We are an all-volunteer organization committed to the health and preservation of three Wilderness Areas, and to spreading wilderness ethics to all who visit. Won't you join us? Click here
We help the US Forest Service look after three Wilderness Areas. Rollover to enlarge.
CINDY EBBERT has received national recognition from the US Forest Service as the winner of THE TRADITIONAL SKILLS AND MINIMUM TOOLS LEADERSHIP AWARD. Cindy, the Wilderness & Trails Manager for the Dillon Ranger District, guides and informs all of ESWA's activities in Summit County as our USFS Liaison. We are so happy for this well-deserved honor for her. The Award is for outstanding initiative, creativity, and commitment to wilderness principles by accomplishing difficult or challenging wilderness stewardship activities using traditional skills and primitive tools. The citation reads, "Cindy uses her planning, teaching, and on-the-ground experience to contribute to traditional skills trainings and wilderness partnership projects. She has also worked to address threats to the wilderness areas on her district like visitor use impacts and the Mountain Pine Beetle Epidemic through the lens of traditional tool methods. She does this by improving the crosscut saw skills of partners like ESWA and providing opportunities for certification. Cindy also leads a highly skilled trail crew that has removed significant numbers of dead trees and debris from wilderness trails, which drew attention and support from visitors and other interest groups for their effective use of traditional tools. One of the outstanding projects that Cindy applied her expertise to was the removal of Rock Creek Cabin in the Eagle’s Nest wilderness. It required the removal of the cabin, a concrete slab, buried water line, assorted garbage, two storage tanks and restoration of a historic wetland. Cindy utilized a Minimum Tool Analysis to come up with a creative method to complete the project with the Colorado Corrections Industry. Overall, Cindy runs a very effective trails program due to her commitment to utilizing and providing ongoing education on traditional tools.” You can read the nomination letter HERE.
The 2020 Currie Craven Award for Wilderness Stewardship was given to CYNDI KOOP. Cyndi was one of the original founders of the Volunteer Wilderness Ranger Program in 2005, and managed the program until 2016. Cyndi was an active mentor to new VWRs, became a certified sawyer (and in 2009 spent every weekend trail clearing after the big May windstorm), and rewrote the Training Manual. The past several years she has spent summers working in Denali National Park, but returns to Summit County in time to complete her four required VWR patrols. She is now preparing to move to Alaska, and we will all miss her friendly enthusiasm.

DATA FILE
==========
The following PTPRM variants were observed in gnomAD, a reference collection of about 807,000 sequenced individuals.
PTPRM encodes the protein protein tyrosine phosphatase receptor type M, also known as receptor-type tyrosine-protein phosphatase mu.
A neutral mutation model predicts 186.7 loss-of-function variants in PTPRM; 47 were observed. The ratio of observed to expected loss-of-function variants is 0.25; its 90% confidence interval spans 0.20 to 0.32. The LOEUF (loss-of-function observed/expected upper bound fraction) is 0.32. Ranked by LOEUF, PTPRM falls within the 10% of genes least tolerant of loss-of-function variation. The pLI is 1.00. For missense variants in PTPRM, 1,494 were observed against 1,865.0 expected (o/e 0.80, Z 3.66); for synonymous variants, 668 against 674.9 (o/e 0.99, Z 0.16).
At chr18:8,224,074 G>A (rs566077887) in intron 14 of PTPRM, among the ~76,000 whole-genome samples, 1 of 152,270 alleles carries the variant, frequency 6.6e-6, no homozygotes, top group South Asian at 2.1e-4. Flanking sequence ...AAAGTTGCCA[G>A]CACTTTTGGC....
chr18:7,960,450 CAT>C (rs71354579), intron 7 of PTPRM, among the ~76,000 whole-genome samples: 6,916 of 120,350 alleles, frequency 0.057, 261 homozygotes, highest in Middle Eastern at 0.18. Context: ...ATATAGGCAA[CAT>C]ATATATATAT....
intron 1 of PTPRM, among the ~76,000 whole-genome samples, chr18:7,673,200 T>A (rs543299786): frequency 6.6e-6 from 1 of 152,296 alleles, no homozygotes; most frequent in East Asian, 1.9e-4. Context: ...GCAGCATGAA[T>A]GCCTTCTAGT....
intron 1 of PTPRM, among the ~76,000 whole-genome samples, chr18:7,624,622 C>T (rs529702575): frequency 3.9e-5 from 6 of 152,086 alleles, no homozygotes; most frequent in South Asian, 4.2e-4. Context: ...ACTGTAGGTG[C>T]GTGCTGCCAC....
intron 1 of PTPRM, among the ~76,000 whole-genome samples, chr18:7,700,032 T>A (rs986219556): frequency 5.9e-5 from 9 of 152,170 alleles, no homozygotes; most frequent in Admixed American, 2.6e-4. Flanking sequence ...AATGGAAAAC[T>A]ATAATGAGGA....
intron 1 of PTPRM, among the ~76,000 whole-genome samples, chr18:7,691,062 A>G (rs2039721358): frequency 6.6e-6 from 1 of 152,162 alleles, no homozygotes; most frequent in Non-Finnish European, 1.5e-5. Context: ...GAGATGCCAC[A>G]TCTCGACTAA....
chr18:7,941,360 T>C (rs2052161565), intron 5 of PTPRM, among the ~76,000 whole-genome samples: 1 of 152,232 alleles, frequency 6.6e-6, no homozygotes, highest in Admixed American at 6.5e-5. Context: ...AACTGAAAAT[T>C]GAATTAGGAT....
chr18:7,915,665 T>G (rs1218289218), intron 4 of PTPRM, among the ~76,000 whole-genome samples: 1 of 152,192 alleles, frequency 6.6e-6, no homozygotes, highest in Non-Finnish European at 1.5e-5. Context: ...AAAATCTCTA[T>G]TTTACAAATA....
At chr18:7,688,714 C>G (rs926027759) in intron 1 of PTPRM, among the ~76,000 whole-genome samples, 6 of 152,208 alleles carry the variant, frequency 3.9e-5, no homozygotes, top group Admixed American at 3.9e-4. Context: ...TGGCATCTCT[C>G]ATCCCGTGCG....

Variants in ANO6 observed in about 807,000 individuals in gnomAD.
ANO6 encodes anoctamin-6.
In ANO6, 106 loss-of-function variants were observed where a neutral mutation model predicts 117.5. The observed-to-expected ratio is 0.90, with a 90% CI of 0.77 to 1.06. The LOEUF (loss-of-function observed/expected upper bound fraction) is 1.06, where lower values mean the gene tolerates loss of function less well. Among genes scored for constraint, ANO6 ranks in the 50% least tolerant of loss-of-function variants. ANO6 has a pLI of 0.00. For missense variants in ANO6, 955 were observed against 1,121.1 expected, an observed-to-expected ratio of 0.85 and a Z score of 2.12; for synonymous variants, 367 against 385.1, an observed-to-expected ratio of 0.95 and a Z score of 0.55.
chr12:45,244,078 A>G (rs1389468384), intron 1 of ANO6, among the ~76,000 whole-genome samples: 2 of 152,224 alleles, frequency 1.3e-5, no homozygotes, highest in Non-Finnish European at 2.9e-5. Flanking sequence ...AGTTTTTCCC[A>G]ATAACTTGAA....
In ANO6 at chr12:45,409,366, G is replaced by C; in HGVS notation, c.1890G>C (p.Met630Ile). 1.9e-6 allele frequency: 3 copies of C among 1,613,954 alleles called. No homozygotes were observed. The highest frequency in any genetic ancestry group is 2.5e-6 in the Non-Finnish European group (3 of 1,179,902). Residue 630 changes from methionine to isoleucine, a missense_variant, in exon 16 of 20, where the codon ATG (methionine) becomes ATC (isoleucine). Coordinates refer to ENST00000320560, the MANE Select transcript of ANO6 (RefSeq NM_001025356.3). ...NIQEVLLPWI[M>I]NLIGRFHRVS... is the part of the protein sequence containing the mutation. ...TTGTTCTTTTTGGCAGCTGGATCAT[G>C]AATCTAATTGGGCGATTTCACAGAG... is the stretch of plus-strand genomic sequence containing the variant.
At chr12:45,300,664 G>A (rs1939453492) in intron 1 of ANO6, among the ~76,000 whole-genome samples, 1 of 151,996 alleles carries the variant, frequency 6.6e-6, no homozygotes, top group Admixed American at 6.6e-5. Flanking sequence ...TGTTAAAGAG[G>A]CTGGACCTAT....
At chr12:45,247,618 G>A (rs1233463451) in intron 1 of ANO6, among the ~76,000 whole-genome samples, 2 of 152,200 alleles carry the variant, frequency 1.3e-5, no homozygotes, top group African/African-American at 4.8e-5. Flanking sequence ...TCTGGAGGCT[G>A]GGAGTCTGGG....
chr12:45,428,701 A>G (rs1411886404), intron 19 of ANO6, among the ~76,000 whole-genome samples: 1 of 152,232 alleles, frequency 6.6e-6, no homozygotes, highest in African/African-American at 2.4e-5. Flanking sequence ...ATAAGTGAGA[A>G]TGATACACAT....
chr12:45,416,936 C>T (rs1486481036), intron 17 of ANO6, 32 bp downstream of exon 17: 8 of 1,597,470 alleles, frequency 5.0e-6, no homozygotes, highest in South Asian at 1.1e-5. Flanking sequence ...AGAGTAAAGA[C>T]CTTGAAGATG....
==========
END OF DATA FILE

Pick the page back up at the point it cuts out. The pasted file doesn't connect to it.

In the ESWA October eNewsletter WARREN HERN describes his idyllic childhood experiences in the Homestake Valley, the despair he felt at the despoliation caused by thirsty front range cities, and the organization that he founded - the Holy Cross Wilderness Defense Fund - to protect it.The AMAZING LLAMA RESCUE it the subject of this month's eNewsletter essay. When photographer John Fielder's two llamas were spooked by a bear, they pulled their pins and headed off. Soledad turned up, but for 2 days John couldn't find Earl, and worst case scenarios grew stronger in his mind. Enter ESWA Volunteer Wilderness Ranger Brad B., whose selfless searching led to an amazing denouement.Work on the Mesa Cortina Boardwalk in memory of Beau Schuette concluded (a bit more will be done in 2021). The Rocky Mountain Youth Corps crew, under the direction of USFS expert Zack Heineman, did a fantastic job - hauling in all of the supplies and building a 100 foot-long boardwalk over a swampy area on the popular Mesa Cortina trail. See the full story HEREUSFS Manager of Wilderness (and more) in the Eagle/Holy Cross Ranger District KATHERINE "KAT" BAZAN (here with son Keller) is profiled in the latest ESWA eNewsletter. Read about her laser-like journey from her earliest days to her new position, and the unprecedented professional challenges that arrived due to the pandemic.ESWA has a new ADVOCACY campaign: to protect the habitat of BIGHORN SHEEP in East Vail. In a letter to the Vail Town Council, ESWA Chair Mike Browning wrote, "ESWA’s primary interest in the proposed Booth Heights land swap is the protection of the Bighorn Sheep herd that uses the Booth Heights property for winter range. Wildlife in the Vail Valley is under increasing pressure from human development and the increased number of hikers in our local Wilderness Areas. It is vital that we protect the critical wildlife habitat that remains. This is particularly true of the winter habitat provided by the Booth Heights property as it is essential for the survival of the Bighorn Sheep that spend the remainder of the year in the Eagles Nest Wilderness." Read the entire letter HEREIn our July Newsletter ANDREW LEARY, National Outreach Manager at the Leave No Trace Center for Outdoor Ethics, discusses strategies for enlisting screen technology in teaching young people how to appreciate Nature's bounty.ESWA is advocating to protect HOMESTAKE CREEK AND HOLY CROSS WILDERNESS, asking the US Forest Service to deny a permit to the towns of Aurora and Colorado Springs for the construction of a large reservoir that would require removal of up to 500 acres from Holy Cross Wilderness. See the Eaglet for more information.Our June eNewsletter celebrates the EAGLE VALLEY LAND TRUST (EVLT). Deputy Director BERGEN TJOSSEM write about their extraordinary work helping conservation-minded property owners create CONSERVATION EASEMENTS to protect open land. They manage over 36 such properties - over 11,200 acres - including 20 with public access featuring 34.8 miles of trails, 10 miles of river corridor and riparian habitat, over 10,116 acres of wildlife habitat, 6,396 acres of scenic vistas, and three working ranches.In the ESWA May eNewsletter Ralph Swain describes a remarkable double centennial - the "Spanish Flu" pandemic and the birth of the wilderness movement - and how Arthur Carhart (1892-1978) was intimately involved with both events.On Sunday, April 5th and again on April 19th ESWA appealed for volunteers in the Vail Daily and Summit Daily newspapers. We hope to attract people who want to help us steward Wilderness in Eagle and Summit Counties. The announcement will appear again on April 19th. Click HERE to learn more. Plans are subject to change depending on the pandemic.In the April eNewsletter Dr. FRANK GUTMANN describes our work with the CROSSCUT SAW, the most important tool for clearing Wilderness trails of deadfall trees. In 2019, the US Forest Service and ESWA volunteers cleared from trails more than 2,500 trees that had been killed by the pine beetle a decade ago, and are now falling across trails in record numbers. ESWA is seeking volunteers to become CERTIFIED CROSSCUT SAWYERS. Please consider joining us! Send us an email at email@example.com.DOGS IN WILDERNESS - In the March eNewsletter FRANCES HARTOGH examines the challenging issue of leash laws for dogs inside designated Wilderness. She reviews the compelling evidence that dogs - especially when off-leash - unfortunately have serious negative impacts on Wilderness.Wolf reintroduction in Colorado? It's on the ballot. In the February eNewsletter two experienced, respected experts - Eric Washburn & Jim Pribyl - weigh the issues and come to an unambiguous conclusion.Out with the old and in with the new. In the January eNewsletter outgoing Chair BILL BETZ talks about 2019 and incoming Chair MIKE BROWNING introduces himself and outlines an agenda for 2020.